Washington, D.C.A new bipartisan poll commissioned by The Israel Project (TIP) shows that Americans across the political spectrum see the Iranian regime as a threat to the U.S. Fully 85 percent of Democrats and 97 percent of Republicans believe Iran represents a serious threat to the U.S. A total of 91 percent of American voters agree Iran poses a threat to Israel ; the percentage jumps even higher - to 96 percent - when respondents were asked whether a nuclear-armed Iran poses a threat to Israel . Another 83 percent view this threat as serious. Similarly, 87 percent of American voters say a nuclear-armed Iran poses a threat to the U.S. Fully 90 percent of Americans believe Iran will likely share nuclear technology or materials with terrorist organizations if it obtained nuclear weapons. Additionally, 80 percent of Americans say it is likely Iran would use nuclear weapons if it acquired them. American voters oppose Iran 's development of a civilian nuclear research program, with 71 percent of the public strongly in favor of international efforts to prevent such a program. Among those polled, 62 percent say an opportunity to pursue a diplomatic solution with Iran still exists. However, 55 percent of Americans would approve of the U.S. and its allies making targeted conventional military strikes against Iran 's nuclear weapons facilities, with nearly a third of Americans strongly approving of such action. In addition, if economic and diplomatic action does not stop Iran 's pursuit of nuclear technology, and Iran acquires medium-range missiles and a nuclear capability, 63 percent of Americans say they would also approve of Israel taking targeted military action against Iran 's nuclear sites. The poll shows that negative feelings about Iran are rising in the U.S. and Germany : 77 percent of likely American voters hold an unfavorable attitude toward Iran , and 64 percent of Germans view Iran unfavorably. Moreover, attitudes toward Iran are consistently negative in the UK , with 39 percent of the British public holding a negative view of Iran. "Americans, the British and the Germans worry about the direct threat to Israel from Iran and fear Iran's potential to share nuclear technology with terrorist groups ," said Stan Greenberg of Greenberg Quinlan Rosner Research. "All countries want diplomacy over military action to address this threat. The Germans oppose military action for historical and cultural reasons and the British do not want another Iraq . Yet the Americans are more open to military action, especially if a diplomatic solution fails to become a reality."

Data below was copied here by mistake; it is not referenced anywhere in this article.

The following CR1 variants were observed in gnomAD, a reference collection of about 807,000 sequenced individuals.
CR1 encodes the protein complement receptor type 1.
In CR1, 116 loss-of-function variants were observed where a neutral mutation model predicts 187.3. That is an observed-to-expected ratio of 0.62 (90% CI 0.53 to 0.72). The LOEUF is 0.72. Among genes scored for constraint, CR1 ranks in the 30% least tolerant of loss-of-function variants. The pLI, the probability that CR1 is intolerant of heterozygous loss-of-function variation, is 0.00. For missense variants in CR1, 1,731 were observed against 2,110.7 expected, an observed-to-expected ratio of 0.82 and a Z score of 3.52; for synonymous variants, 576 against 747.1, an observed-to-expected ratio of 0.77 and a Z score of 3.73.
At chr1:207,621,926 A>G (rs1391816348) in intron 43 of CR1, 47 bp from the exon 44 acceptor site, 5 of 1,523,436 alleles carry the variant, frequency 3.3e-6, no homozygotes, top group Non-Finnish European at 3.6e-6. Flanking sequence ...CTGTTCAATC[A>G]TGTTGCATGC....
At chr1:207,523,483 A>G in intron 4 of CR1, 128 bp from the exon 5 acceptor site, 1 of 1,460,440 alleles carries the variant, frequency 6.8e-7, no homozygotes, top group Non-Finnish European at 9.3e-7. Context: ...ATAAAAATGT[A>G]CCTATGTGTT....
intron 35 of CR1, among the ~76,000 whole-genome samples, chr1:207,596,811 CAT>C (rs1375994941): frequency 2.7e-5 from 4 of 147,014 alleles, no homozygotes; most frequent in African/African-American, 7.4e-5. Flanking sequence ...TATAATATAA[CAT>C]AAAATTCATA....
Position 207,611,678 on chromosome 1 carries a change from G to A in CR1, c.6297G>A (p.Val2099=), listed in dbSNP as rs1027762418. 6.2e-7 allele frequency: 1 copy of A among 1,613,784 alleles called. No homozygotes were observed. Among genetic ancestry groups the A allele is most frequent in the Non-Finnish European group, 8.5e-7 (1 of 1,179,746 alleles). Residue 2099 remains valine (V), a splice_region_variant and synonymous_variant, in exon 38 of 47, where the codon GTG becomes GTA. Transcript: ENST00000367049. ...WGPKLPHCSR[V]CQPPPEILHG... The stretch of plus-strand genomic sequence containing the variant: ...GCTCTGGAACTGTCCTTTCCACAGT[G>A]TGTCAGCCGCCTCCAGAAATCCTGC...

Said Jennifer Laszlo Mizrahi, founder and president of The Israel Project , "The threat of a nuclear Iran isn't a Democratic issue or a Republican issue – it's a concern for all peace-loving people who don't want to live under the constant threat of a nuclear attack by an unstable regime and its terrorist proxies, Hezbollah and Hamas. Let us not forget that Iran is the world's largest state sponsor of terror and continually threatens to attack the U.S. and Europe ."
Mizrahi also said the international community needs to work harder to keep Iranian President Mahmoud Ahmadinejad from realizing his goal of gaining nuclear capabilities, particularly as he threatens to annihilate Israel and trigger a catastrophic war between countries in the Middle East and the West. "The nuclear clock is ticking faster than the diplomatic clock and time is running out," Mizrahi said.
Threats by Iran's president to wipe Israel off the map and Iran 's funding, training and arming of terrorist groups such as Hezbollah and Hamas worry Americans, the British, and Germans. Iran 's threats against Israel and its promises to share nuclear technology with terrorist groups are of particular concern to Americans and Germans.